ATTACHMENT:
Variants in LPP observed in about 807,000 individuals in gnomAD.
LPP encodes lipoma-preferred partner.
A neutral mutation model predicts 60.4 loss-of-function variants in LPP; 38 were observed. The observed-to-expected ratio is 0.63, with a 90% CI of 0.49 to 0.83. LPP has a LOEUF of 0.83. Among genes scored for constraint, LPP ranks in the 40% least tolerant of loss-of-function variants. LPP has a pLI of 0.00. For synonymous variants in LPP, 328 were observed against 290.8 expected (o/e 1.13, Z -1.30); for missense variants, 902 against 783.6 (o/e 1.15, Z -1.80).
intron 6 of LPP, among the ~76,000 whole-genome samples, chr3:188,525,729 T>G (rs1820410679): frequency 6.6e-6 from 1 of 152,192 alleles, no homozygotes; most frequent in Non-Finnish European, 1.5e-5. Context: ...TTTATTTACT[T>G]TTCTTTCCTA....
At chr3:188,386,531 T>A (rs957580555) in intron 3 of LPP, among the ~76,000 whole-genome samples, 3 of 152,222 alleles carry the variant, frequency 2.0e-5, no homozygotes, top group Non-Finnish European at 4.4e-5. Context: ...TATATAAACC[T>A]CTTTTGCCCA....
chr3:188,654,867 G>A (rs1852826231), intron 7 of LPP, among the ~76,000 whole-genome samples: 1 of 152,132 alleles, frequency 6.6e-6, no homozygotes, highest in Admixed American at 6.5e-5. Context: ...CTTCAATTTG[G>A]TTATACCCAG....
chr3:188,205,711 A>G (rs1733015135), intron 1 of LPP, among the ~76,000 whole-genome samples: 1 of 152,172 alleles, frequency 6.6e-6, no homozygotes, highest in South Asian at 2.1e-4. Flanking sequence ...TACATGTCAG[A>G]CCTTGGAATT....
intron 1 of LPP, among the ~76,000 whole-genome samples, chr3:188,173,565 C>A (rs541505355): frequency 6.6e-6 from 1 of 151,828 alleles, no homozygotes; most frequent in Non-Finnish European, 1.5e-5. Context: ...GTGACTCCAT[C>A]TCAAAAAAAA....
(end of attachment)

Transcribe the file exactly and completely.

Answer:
Variants in LPP observed in about 807,000 individuals in gnomAD.
LPP encodes lipoma-preferred partner.
A neutral mutation model predicts 60.4 loss-of-function variants in LPP; 38 were observed. The observed-to-expected ratio is 0.63, with a 90% CI of 0.49 to 0.83. LPP has a LOEUF of 0.83. Among genes scored for constraint, LPP ranks in the 40% least tolerant of loss-of-function variants. LPP has a pLI of 0.00. For synonymous variants in LPP, 328 were observed against 290.8 expected (o/e 1.13, Z -1.30); for missense variants, 902 against 783.6 (o/e 1.15, Z -1.80).
intron 6 of LPP, among the ~76,000 whole-genome samples, chr3:188,525,729 T>G (rs1820410679): frequency 6.6e-6 from 1 of 152,192 alleles, no homozygotes; most frequent in Non-Finnish European, 1.5e-5. Context: ...TTTATTTACT[T>G]TTCTTTCCTA....
At chr3:188,386,531 T>A (rs957580555) in intron 3 of LPP, among the ~76,000 whole-genome samples, 3 of 152,222 alleles carry the variant, frequency 2.0e-5, no homozygotes, top group Non-Finnish European at 4.4e-5. Context: ...TATATAAACC[T>A]CTTTTGCCCA....
chr3:188,654,867 G>A (rs1852826231), intron 7 of LPP, among the ~76,000 whole-genome samples: 1 of 152,132 alleles, frequency 6.6e-6, no homozygotes, highest in Admixed American at 6.5e-5. Context: ...CTTCAATTTG[G>A]TTATACCCAG....
chr3:188,205,711 A>G (rs1733015135), intron 1 of LPP, among the ~76,000 whole-genome samples: 1 of 152,172 alleles, frequency 6.6e-6, no homozygotes, highest in South Asian at 2.1e-4. Flanking sequence ...TACATGTCAG[A>G]CCTTGGAATT....
intron 1 of LPP, among the ~76,000 whole-genome samples, chr3:188,173,565 C>A (rs541505355): frequency 6.6e-6 from 1 of 151,828 alleles, no homozygotes; most frequent in Non-Finnish European, 1.5e-5. Context: ...GTGACTCCAT[C>A]TCAAAAAAAA....